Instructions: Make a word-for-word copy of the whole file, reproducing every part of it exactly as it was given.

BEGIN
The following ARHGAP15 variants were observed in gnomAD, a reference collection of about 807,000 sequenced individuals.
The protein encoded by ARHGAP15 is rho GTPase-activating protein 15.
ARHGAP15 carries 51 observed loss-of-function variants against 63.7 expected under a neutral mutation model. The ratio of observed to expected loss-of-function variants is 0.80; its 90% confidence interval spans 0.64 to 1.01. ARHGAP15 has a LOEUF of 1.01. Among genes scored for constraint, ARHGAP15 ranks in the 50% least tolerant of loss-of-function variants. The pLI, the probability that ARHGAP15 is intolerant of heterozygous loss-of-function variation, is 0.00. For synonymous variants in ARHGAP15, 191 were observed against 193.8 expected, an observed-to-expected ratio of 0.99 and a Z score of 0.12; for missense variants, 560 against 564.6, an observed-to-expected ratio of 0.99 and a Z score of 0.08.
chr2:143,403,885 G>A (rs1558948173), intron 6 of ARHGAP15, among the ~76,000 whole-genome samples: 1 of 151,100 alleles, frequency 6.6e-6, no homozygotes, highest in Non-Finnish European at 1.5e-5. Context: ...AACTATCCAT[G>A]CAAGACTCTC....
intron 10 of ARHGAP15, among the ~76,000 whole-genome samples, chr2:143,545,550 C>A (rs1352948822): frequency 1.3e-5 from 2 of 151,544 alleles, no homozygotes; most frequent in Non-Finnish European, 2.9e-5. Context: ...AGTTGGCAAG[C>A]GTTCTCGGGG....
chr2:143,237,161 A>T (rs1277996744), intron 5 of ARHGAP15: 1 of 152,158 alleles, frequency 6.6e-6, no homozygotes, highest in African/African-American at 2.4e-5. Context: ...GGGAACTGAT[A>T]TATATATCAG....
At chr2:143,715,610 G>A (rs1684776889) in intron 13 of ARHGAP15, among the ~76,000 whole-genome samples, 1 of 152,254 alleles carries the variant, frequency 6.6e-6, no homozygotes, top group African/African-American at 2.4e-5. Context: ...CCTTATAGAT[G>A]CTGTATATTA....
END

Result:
The following ARHGAP15 variants were observed in gnomAD, a reference collection of about 807,000 sequenced individuals.
The protein encoded by ARHGAP15 is rho GTPase-activating protein 15.
ARHGAP15 carries 51 observed loss-of-function variants against 63.7 expected under a neutral mutation model. The ratio of observed to expected loss-of-function variants is 0.80; its 90% confidence interval spans 0.64 to 1.01. ARHGAP15 has a LOEUF of 1.01. Among genes scored for constraint, ARHGAP15 ranks in the 50% least tolerant of loss-of-function variants. The pLI, the probability that ARHGAP15 is intolerant of heterozygous loss-of-function variation, is 0.00. For synonymous variants in ARHGAP15, 191 were observed against 193.8 expected, an observed-to-expected ratio of 0.99 and a Z score of 0.12; for missense variants, 560 against 564.6, an observed-to-expected ratio of 0.99 and a Z score of 0.08.
chr2:143,403,885 G>A (rs1558948173), intron 6 of ARHGAP15, among the ~76,000 whole-genome samples: 1 of 151,100 alleles, frequency 6.6e-6, no homozygotes, highest in Non-Finnish European at 1.5e-5. Context: ...AACTATCCAT[G>A]CAAGACTCTC....
intron 10 of ARHGAP15, among the ~76,000 whole-genome samples, chr2:143,545,550 C>A (rs1352948822): frequency 1.3e-5 from 2 of 151,544 alleles, no homozygotes; most frequent in Non-Finnish European, 2.9e-5. Context: ...AGTTGGCAAG[C>A]GTTCTCGGGG....
chr2:143,237,161 A>T (rs1277996744), intron 5 of ARHGAP15: 1 of 152,158 alleles, frequency 6.6e-6, no homozygotes, highest in African/African-American at 2.4e-5. Context: ...GGGAACTGAT[A>T]TATATATCAG....
At chr2:143,715,610 G>A (rs1684776889) in intron 13 of ARHGAP15, among the ~76,000 whole-genome samples, 1 of 152,254 alleles carries the variant, frequency 6.6e-6, no homozygotes, top group African/African-American at 2.4e-5. Context: ...CCTTATAGAT[G>A]CTGTATATTA....